```
c :: (a, b)
p(a, b) = a
q(a, b) = b
```

There can be many objects like `c`

with such two projections. Only one could the product. Which one? We need to pinpoint the correct `c`

that corresponds to the Cartesian product. We need a way to evaluate the instance of this pattern of projections.

If we can get all similar patterns in the category, we need a way to distinguish the “top” one, the one that matches the the best. That one would be the product.

Here we have two examples of such pattern:

`c'`

is a candidate product and it has `p'`

and `q'`

projections. `c`

is better if there is a unique arrow (morphism) `m`

from `c'`

to `c`

that fulfils these conditions:

\begin{equation}

\begin{aligned}

m :: c’ \rightarrow c \\\

p’ = p \circ m \\\

q’ = q \circ m

\end{aligned}

\end{equation}

Both of these have the common factor `m`

(but instead of multiplication you have composition). So they are not really elementary, since we can factor out a common `m`

out of them. This makes `c`

better (“more pure”).

This forms ranking among candidates. In some cases you can indeed use ranking to get the unique best option and that will be the product. Not all categories would have this.

Again, there is a connection to logic:

```
if a follows from c' (p')
and b follows from c' (q')
a ^ b (c) follows from c' (m)
```

## Function object

Another universal construction.

What is type function in Haskell? It's not really a morphism. Morphism is not an object. A set of morphisms between two objects corresponds to type `a->b`

. Is there an object in the category that corresponds to the set of morphisms? If so, it's called the Function Object.

In order to define the function object (in Haskell, it's `a->b`

, which is a type), you have to have products.

If you take a function `a->b`

and apply argument `a`

, you get `b`

. Similar to product, if there is another candidate object `z`

, that evaluates to the same `b`

, and you can find unique morphism `h`

then you can factor it out and prove that `a->b`

candidate is the best.

This corresponds to modus ponens in proof theory.

\begin{eqnarray}

\frac{(a=>b) \wedge a}{b}

\end{eqnarray}

If you have a function from `a`

to `b`

**and** `a`

is true, then `b`

is also true.

## Negation

Another thing you can construct is negation. `Not A`

corresponds to an arrow (morphism) `A -> Void`

. Why is this a negation?

In the context of type theory:

- If
`A`

is inhabited (has elements), then`A->Void`

is not inhabited. Because otherwise you'd be able to create an element of`Void`

, which suppose to have no elements. - If
`A`

is not inhabited (is Void), then`Void->Void`

is \(id_{void}\).

## Cartesian Closed Category

Combining these three things, we get a Cartesian Closed Category (CCC):

- Has all products (Cartesian)
- Has all function objects (exponentials) (this makes it closed)
- Has terminal object (nullary product)

## Curry-Howard-Lambek

This is an extension of Curry-Howard isomorphism. CCC is a model for simply typed lambda calculus. In addition to the fact that simply typed lambda calculus can be a model for logic.

- Objects are types
- Morphisms are terms (in logic/programming)
- Environment \(\Gamma\) is a prodict of judgements
`a:A`

- Empty environment is
`() : ()`

## Logical universes

There are two major kinds of logic: Classical and Intuitionistic.

In classical logic, any proposition is either true or false. But then Kurt Gödel comes along and says “no, there are some statements that are neither false nor true”, which leads to intuitionistic logic where a statement can be true, can be false, but you can also have some gray area where you ask what “is” means.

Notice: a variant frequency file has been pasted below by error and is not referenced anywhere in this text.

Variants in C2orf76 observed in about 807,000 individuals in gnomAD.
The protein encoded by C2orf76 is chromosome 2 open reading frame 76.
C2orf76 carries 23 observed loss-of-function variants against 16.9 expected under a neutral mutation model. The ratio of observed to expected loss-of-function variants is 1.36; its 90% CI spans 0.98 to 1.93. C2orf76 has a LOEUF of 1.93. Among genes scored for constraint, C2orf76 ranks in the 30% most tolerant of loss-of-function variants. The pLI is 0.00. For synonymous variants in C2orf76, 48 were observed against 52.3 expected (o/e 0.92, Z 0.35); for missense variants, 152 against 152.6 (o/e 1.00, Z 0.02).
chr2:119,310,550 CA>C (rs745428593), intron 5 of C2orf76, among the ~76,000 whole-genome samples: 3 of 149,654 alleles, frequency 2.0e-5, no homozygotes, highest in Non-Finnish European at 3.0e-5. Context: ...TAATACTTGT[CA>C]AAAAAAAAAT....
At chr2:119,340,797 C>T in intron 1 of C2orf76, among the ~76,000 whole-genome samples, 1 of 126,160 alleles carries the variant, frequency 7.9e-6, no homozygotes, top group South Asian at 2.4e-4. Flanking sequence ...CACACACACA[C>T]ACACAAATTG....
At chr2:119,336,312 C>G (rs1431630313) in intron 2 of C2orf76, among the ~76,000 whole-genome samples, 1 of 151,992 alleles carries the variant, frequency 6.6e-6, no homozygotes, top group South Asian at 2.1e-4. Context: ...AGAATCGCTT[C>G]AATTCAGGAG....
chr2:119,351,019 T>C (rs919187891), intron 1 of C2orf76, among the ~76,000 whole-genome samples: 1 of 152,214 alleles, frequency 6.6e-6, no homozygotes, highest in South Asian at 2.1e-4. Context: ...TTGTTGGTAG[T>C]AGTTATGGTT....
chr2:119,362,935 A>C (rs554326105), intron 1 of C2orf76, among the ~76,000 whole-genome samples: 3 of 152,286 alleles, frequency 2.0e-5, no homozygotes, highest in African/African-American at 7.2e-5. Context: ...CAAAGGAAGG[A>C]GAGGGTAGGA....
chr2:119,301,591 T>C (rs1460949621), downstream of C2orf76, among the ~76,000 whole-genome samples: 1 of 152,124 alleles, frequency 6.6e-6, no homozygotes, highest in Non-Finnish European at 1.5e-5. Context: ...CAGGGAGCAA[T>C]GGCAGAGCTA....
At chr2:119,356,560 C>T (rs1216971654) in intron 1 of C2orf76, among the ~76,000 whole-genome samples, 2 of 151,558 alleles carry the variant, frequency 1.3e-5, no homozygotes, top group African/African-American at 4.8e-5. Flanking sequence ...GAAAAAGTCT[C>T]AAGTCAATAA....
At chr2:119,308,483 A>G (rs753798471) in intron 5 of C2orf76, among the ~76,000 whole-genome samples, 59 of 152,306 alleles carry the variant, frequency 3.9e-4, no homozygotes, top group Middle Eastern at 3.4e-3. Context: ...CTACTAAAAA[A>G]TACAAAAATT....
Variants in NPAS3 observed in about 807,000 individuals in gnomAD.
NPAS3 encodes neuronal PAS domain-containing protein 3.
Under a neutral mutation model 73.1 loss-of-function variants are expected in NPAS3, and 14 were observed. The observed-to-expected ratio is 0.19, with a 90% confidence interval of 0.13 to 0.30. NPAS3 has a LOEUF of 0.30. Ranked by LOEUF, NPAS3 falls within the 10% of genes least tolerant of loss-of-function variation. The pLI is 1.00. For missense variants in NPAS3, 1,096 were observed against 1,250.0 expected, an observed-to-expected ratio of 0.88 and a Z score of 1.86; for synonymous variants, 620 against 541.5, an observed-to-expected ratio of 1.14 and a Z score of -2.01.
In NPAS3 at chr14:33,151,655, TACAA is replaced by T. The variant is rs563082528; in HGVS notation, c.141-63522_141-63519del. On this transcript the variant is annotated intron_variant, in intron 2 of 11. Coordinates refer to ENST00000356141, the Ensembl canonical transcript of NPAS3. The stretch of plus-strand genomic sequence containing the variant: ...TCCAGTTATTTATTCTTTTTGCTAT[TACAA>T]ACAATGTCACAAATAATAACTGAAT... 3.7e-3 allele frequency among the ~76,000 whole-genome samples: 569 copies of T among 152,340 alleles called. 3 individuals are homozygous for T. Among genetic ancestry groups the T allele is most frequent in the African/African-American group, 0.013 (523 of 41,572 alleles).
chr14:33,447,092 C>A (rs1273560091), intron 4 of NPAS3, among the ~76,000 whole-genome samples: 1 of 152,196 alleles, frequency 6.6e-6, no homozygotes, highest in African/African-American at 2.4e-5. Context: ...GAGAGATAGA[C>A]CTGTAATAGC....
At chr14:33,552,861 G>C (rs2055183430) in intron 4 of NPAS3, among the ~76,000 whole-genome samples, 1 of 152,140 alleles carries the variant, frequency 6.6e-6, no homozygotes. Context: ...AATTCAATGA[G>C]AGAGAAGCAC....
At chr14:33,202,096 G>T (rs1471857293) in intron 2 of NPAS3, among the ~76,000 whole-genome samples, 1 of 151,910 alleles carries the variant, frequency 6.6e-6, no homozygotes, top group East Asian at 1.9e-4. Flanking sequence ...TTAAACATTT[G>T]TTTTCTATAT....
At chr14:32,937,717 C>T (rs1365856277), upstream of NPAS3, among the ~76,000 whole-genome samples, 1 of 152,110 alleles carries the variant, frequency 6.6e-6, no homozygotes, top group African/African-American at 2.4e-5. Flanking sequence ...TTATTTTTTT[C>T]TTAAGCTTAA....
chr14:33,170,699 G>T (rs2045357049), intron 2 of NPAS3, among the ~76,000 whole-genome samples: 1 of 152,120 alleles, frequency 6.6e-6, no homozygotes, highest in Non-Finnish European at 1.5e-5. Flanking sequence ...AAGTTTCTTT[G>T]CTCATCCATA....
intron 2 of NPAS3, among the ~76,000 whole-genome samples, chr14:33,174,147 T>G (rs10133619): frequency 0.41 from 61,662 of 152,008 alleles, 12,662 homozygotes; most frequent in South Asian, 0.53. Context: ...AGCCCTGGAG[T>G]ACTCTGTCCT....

### Intuitionistic logic

- No LEM: law of excluded middle (either A or not A).
`A | (A->Void)`

is not provable. - We cannot eliminate double negation:
`Not Not A`

is not the same as`A`

(`(A->Void)->Void`

is not the same as`A`

)

Curry-Howard equivalence says that simple typed lambda calculus is equivalent to intuitionistic logic. You cannot prove LEM or double negation using lambda calculus.

So, we cannot do classical logic? This means it's not relevant to programming then?

### Goedel Gentzen

Turns out, classical logic can be embedded in intuitionistic logic. Classical logic = Intuitionistic + double negation elimination (or LEM).

You can take a proposition in classical logic that is provable, you can translate it into some other proposition in intuitionistic logic, and then translate the proof also that does not use double negation elimination or LEM, and you will get something. There is a correspondence between propositions in two types of logic.

The transformation of proposition is simple: invert everything by applying double negation to all assumptions. Get a new theorem, prove it in intuitionistic logic, apply double negation to it, you get back the result of that first theorem.

Double twist, prove, double twist!

What does it mean? It means **continuations**. Double negation is `(a->Void)->Void`

, or more general:

\begin{eqnarray}

(a\rightarrow r)\rightarrow r

\end{eqnarray}

This \((a\rightarrow r)\rightarrow r\) is a continuation. If you extend lambda calculus with continuation (or do CPS transformation), you have a way to embed classical logic into programming.

Yoneda's Lemma

This is a deeper topic in category theory, and Bartosz mentions it without explanation just to show the importance of continuation in category theory. Read more about Yoneda's lemma on Wikipedia.

## Conclusions

Type theory (typed lambda calculus), category theory (cartesian closed) and logic are all the same, just different notations. There is a lot of cross-polination between these areas. Is the Grand Unified Theory coming soon? Homotopy Type Theory?

Maybe.

This is a complete summary of an excellent talk by Bartosz Milewski Truth about types. Illustrations and diagrams are recreated; formulas taken verbatim from the slides, except for comments, which were extended in some places.

*(You can get a set of PDF/HTML/epub/Kindle versions below. Name your price, starting from $1.)*